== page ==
Common Core is changing how schools teach ELA and math

New report finds Common Core is affecting reading and math — but not test scores

States considered strong adopters of Common Core are more likely to see a de-emphasis of fiction and a decline in advanced math enrollment among middle school students, according to a new report that also found a trivial difference in test scores between states that have and have not adopted the standards.

The report, from the Brown Center on Education Policy at Brookings, pulls data from surveys conducted by the National Assessment of Educational Progress (NAEP) to see how far Common Core recommendations have seeped into states’ instruction, comparing data from 2011 to 2015. The question of whether students should focus on analyzing fiction, which has been traditionally favored by schools, or nonfiction, which is favored by the CCSS, was considered a major implementation hurdle just a few years ago.

On that point, it appears Common Core’s suggestions are winning out over entrenched practice. In 2011, according to the data, 63 percent of students had teachers who said they emphasized fiction, compared with 38 percent of students with teachers who said they were emphasizing nonfiction — a 25 percent gap. By 2015, however, that gap had shrunk to just eight percent, with 45 percent of students who have teachers emphasizing nonfiction. The gap shrunk for eighth grade students from 34 percent in 2011 to 16 percent in 2015.…Read More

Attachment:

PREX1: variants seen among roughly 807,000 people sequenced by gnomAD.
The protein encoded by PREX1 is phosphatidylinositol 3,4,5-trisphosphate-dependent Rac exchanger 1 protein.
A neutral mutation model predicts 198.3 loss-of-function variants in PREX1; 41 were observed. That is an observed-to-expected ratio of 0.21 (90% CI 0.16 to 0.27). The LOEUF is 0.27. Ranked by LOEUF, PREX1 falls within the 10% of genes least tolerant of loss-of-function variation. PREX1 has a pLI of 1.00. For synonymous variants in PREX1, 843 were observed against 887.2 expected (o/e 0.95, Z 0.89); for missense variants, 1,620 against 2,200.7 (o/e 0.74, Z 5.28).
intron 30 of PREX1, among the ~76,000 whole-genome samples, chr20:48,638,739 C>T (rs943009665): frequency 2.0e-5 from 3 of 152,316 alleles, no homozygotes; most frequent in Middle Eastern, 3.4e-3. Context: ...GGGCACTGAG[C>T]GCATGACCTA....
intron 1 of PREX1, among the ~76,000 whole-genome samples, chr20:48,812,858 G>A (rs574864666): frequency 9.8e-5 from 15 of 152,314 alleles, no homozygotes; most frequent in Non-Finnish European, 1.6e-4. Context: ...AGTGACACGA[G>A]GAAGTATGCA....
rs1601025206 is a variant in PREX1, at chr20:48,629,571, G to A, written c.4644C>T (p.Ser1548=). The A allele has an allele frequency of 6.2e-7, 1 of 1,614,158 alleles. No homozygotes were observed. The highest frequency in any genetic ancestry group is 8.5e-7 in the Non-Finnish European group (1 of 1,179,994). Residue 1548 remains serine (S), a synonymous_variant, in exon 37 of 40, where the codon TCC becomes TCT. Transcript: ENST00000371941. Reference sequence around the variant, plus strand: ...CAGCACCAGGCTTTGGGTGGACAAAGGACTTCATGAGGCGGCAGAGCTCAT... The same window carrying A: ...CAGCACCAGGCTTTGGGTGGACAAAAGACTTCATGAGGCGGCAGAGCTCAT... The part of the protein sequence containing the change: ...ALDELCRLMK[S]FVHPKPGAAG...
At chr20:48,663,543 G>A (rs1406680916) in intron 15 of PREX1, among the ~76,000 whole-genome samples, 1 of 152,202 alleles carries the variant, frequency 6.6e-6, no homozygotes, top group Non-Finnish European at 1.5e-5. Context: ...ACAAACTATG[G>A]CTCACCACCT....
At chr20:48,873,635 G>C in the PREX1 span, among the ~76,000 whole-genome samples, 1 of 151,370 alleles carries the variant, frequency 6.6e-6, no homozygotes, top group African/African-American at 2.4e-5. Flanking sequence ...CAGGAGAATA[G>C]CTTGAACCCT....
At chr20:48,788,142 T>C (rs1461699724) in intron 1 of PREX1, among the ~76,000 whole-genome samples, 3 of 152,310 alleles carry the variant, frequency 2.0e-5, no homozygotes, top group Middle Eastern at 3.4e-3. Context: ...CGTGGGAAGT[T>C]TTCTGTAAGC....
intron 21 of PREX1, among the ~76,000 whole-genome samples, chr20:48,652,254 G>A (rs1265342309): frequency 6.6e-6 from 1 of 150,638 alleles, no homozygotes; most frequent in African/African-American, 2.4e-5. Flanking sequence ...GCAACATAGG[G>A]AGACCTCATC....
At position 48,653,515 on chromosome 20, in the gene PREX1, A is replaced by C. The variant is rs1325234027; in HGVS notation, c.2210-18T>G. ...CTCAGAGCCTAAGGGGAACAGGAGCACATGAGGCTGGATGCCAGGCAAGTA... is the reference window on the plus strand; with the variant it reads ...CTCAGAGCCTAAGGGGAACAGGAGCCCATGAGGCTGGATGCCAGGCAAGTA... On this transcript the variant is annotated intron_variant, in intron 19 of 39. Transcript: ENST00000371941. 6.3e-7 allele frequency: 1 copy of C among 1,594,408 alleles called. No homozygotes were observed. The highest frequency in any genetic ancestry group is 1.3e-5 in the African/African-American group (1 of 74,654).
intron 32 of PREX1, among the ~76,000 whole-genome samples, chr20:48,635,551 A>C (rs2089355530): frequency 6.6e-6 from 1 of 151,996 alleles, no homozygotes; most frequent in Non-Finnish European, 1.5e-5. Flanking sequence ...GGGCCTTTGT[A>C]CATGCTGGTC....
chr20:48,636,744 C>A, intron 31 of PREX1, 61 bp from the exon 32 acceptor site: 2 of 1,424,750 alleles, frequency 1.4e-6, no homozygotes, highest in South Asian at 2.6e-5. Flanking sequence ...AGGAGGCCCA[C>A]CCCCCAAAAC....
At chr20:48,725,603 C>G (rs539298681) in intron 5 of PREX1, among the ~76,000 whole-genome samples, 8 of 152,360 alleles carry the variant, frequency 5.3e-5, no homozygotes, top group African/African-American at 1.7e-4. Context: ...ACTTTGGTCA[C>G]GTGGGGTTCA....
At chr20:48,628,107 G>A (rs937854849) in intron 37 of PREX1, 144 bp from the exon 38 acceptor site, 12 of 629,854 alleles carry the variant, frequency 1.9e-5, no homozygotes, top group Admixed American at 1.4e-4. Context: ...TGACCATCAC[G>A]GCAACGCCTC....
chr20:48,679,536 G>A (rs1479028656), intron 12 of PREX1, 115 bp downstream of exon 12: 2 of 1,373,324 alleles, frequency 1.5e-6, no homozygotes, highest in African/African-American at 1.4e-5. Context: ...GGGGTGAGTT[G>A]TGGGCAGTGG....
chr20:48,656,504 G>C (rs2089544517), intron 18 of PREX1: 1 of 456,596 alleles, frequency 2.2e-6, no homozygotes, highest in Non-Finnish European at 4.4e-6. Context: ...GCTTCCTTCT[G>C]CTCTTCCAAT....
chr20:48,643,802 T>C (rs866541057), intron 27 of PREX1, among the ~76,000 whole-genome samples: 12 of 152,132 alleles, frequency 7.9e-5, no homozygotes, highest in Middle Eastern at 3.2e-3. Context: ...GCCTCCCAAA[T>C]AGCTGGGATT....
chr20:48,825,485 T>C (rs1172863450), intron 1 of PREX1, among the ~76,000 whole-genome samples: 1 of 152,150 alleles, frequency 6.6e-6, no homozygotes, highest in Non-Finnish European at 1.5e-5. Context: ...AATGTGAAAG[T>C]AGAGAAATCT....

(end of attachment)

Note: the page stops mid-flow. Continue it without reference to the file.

The best and worst districts for school choice

New report ranks the districts that cater to school choice…and the ones that don’t

choice-school-districtAccording to a new report, there is little information available on what makes a school district not only suitable for school choice, but what differentiates the districts that are exceptional at catering to parental desires versus those that are simply mediocre. However, thanks to new data, districts across the country have been ranked in how well they cater to choosy parents.

Whether you support or oppose school choice—programs offering students and their families alternatives to publicly provided schools, to which students are generally assigned by the location of their family residence—the movement exists, and thanks to new data provided by the Brown Center on Education Policy at the Brookings Institution, parents and students now have a much clearer idea of which districts support school choice and which don’t.

According to the authors of the report, the data compiled on districts and school choice was needed, since support among parents, and states, for school choice is growing.…Read More